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Field & StreamField & Stream

Field & Stream

October/November 2019

"The World's Leading Outdoor Magazine." devoted to the complete outdoor experience and lifestyle.

Land:
United States
Taal:
English
Uitgever:
Bonnier Corporation
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€ 4,43(Incl. btw)
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9 Edities

IN DEZE EDITIE

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field & stream

EDITOR-IN-CHIEF Colin Kearns GROUP CREATIVE DIRECTOR Sean Johnston GROUP MANAGING EDITOR Jean McKenna EXECUTIVE EDITOR Dave Hurteau DEPUTY EDITOR Slaton L. White MANAGING EDITOR Margaret Nussey FISHING EDITOR Joe Cermele HUNTING EDITOR Will Brantley SHOOTING EDITOR John B. Snow SENIOR EDITOR Natalie Krebs COPY EDITOR Nicole Paskowsky EDITORIAL INTERNS Ryan Chelius, Jack Tien-Dana PHOTOGRAPHY DIRECTOR John Toolan DESIGN DIRECTOR Russ Smith PRODUCTION MANAGER Judith Weber ASSOCIATE ART DIRECTOR Robert Dominguez GROUP DIGITAL DIRECTOR Amy Schellenbaum SEO EDITOR Ben Duchesney ONLINE EDITOR Ben Romans ASSOCIATE ONLINE EDITOR Matthew Every SPECIAL PROJECTS EDITOR David Maccar EDITORS-AT-LARGE Kirk Deeter, Bill Heavey, T. Edward Nickens, Michael R. Shea FIELD EDITORS Scott Bestul (Whitetails), Phil Bourjaily (Shotguns), David E. Petzal (Rifles) CONTRIBUTING EDITORS Gerald Almy, Duncan Barnes, David DiBenedetto, Sid Evans, Brad Fenson, Hal Herring, Mark Hicks, Steven Hill, M.D. Johnson, Ted Leeson, Richard Mann, Keith McCafferty, Thomas McIntyre, Jonathan Miles, George Reiger (Conservation Editor Emeritus), Ross Robertson,…

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autumn awakening

ABOUT 10 YEARS AGO, I interviewed six veterans for a story in F&S. All of them had recently come home for good from tours, and we talked about what it meant for them to get back outside after having been away from hunting and fishing for so long. Even a decade later, I can remember specific moments from each interview, but there’s one exchange I know I’ll never forget. I asked a staff sergeant named Brad Alexander what he loved most about sitting in a treestand. He told me: There’s that point in the morning when it’s dark and nothing is happening and nothing is stirring except for those unseen things scooting about. Then the sun comes up over the ridge, and everything comes to life—birds in the trees, turkeys walking.…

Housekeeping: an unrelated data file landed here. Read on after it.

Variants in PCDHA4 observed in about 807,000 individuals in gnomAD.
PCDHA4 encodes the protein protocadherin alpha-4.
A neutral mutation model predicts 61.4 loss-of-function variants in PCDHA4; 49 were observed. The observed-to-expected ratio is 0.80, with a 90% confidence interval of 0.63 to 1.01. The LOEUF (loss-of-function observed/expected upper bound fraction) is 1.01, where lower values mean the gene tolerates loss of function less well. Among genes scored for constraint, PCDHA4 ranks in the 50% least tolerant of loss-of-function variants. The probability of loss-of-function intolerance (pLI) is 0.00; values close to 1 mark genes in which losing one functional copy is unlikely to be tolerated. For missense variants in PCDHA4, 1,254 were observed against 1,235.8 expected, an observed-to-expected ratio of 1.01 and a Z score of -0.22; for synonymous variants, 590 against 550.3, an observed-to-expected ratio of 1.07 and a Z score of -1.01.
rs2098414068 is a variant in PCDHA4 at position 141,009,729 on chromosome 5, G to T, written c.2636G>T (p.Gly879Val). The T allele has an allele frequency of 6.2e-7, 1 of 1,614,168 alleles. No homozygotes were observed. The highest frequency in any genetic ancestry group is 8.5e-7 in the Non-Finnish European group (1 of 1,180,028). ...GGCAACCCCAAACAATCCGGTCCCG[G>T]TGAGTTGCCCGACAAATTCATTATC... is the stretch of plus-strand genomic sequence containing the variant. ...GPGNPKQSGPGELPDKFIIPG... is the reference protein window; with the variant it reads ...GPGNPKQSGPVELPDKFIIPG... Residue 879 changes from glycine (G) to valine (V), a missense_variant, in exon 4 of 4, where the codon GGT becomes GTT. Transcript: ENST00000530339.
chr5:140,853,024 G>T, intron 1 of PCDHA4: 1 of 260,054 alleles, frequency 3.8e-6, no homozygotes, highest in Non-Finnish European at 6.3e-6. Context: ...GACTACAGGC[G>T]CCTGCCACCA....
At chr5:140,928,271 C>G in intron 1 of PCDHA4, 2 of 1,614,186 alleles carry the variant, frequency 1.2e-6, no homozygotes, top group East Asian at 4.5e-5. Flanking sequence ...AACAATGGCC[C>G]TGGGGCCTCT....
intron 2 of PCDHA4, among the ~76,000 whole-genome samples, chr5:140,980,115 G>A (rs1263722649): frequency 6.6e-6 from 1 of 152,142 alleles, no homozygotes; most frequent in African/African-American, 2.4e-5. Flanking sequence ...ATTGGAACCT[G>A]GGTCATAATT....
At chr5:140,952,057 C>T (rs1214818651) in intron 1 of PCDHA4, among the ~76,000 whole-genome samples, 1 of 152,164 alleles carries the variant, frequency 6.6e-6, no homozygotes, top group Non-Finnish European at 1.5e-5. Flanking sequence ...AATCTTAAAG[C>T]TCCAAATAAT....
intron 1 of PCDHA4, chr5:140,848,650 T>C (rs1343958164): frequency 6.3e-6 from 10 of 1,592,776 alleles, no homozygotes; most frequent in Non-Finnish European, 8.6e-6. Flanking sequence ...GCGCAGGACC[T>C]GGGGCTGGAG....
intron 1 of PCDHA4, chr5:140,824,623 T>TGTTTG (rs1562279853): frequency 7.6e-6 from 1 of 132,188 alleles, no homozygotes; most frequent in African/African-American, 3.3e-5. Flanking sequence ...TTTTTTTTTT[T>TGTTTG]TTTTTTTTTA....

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contributor

Photographer Matt Hansen shot this issue’s cover photo—his first ever for F&S. CK: What was it like watching those two deer battle? MH: It’s always exciting to watch bucks mix it up. The whitetail on the left was running back and forth in the field, picking up the scent of a nearby doe. The other buck came out of the trees and went straight at the buck already out there, resulting in what you see on the cover. CK: What is something a hunter can learn from a wildlife photographer as far as getting into position? MH: It sounds simple, but patience. A lot of people see antlers and panic and rush the shot. This is a good time to do the opposite. CK: I almost forgot to ask: Which whitetail won the fight? MH: Once…

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the eider sanction

• THE SEASON • THE TOTAL OUTDOORSMAN • THE WILD CHEF • ASK PETZAL • RIFLES • SHOTGUNS • FISHING • HUNTING WITH THE ROLL OF EVERY wave, our duck boat lost paint. We were inside a protected harbor, grinding against the rocks of the Point Judith seawall as the 2-foot swells rose and fell. Outside the wall, it was even worse, with white-capped 8-footers smashing the rocks and shore. Sitting in the bow of my buddy’s boat, I could barely see through the seawall’s east gap. A dark line of birds appeared through the snowfall, flying low. “Eiders coming,” I said. “Get ready.” The birds flew directly for the wall, broke left, then came up along the rocks toward us. Then the birds veered back to the ocean, so shooting them would’ve required a dangerous open-ocean retrieve. Nobody…

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hammer home

THE OLD MAN called the fly the “skull crusher” because the brook trout would come after it so hard and fast that they’d bash their heads on boulders. He tied them with one arm, in the cool of the little store in the shadow of Grandfather Mountain, not far from the creek where he’d first heard of the fly when he was a kid, some 75 years earlier. I thought I knew about the Yallerhammer, arguably the most traditional of the old Southern Appalachian fly patterns, but this was news to me. The region has birthed a number of homegrown fly patterns—among them the Thunderhead, Jim Charley, Sheep Fly, and Tellico Nymph, the region’s true breakout to fame and widespread use. But the Yallerhammer is the fly that seems to hold…

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polish hunter’s stew

This melty game stew originated centuries ago in Polish hunting camps. Legend has it that a giant kettle of cabbage and sauerkraut would be kept simmering over a fire all morning. As hunters returned with their game, meat would join the pot, and this cycle would continue for days, with the stew constantly being refreshed and reheated. Our version calls for venison and wild boar, but as the legend indicates, bigos welcomes any and all game; goose and rabbit would be great additions. INGREDIENTS 1 small head green cabbage, cored, quartered, and finely shredded1 oz. dried mushrooms2 lb. venison roast, cut into 1½-inch pieces1½ lb. wild boar (or pork) shoulder, cut into 1½-inch pieces1 tsp. olive oil½ lb. slab bacon, diced large (or sliced bacon, roughly chopped)1 lb. kielbasa, split lengthwise, then…

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